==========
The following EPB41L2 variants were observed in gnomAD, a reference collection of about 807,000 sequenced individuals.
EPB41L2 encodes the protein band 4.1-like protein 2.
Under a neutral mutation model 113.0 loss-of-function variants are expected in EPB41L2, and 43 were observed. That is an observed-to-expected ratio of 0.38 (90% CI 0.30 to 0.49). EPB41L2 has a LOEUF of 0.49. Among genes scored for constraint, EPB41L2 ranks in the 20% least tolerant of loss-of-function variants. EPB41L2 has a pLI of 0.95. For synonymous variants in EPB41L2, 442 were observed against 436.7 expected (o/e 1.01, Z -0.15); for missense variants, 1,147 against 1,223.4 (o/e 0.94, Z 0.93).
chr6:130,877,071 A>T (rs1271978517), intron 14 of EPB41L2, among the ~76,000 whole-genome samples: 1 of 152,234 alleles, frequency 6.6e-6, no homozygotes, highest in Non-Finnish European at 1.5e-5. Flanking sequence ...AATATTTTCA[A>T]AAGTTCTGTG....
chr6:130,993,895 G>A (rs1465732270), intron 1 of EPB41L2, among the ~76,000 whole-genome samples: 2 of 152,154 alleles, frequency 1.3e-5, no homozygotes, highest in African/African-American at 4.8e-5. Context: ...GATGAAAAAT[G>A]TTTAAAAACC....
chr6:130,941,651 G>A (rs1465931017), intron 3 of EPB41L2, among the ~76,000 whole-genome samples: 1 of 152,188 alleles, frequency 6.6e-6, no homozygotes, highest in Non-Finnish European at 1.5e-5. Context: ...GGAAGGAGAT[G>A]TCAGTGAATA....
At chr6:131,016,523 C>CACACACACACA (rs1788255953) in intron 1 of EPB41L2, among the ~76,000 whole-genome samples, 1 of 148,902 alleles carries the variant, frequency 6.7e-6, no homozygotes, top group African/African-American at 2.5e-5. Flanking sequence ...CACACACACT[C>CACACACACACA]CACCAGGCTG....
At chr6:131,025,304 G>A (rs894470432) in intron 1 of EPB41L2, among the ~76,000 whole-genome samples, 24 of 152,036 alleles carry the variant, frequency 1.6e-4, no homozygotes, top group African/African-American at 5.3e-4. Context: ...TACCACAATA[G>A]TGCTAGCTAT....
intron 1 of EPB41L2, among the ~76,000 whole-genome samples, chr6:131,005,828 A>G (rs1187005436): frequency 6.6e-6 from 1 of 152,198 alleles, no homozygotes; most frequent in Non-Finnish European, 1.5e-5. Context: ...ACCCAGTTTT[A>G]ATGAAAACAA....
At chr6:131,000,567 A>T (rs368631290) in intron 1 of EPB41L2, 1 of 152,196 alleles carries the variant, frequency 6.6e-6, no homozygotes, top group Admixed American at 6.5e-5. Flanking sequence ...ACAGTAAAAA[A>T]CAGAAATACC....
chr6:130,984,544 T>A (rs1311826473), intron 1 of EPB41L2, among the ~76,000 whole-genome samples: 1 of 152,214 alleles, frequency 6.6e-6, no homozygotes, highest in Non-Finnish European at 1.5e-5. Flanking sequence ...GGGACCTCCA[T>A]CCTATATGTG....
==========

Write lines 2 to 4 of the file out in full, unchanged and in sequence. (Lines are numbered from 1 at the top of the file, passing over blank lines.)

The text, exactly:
EPB41L2 encodes the protein band 4.1-like protein 2.
Under a neutral mutation model 113.0 loss-of-function variants are expected in EPB41L2, and 43 were observed. That is an observed-to-expected ratio of 0.38 (90% CI 0.30 to 0.49). EPB41L2 has a LOEUF of 0.49. Among genes scored for constraint, EPB41L2 ranks in the 20% least tolerant of loss-of-function variants. EPB41L2 has a pLI of 0.95. For synonymous variants in EPB41L2, 442 were observed against 436.7 expected (o/e 1.01, Z -0.15); for missense variants, 1,147 against 1,223.4 (o/e 0.94, Z 0.93).
chr6:130,877,071 A>T (rs1271978517), intron 14 of EPB41L2, among the ~76,000 whole-genome samples: 1 of 152,234 alleles, frequency 6.6e-6, no homozygotes, highest in Non-Finnish European at 1.5e-5. Flanking sequence ...AATATTTTCA[A>T]AAGTTCTGTG....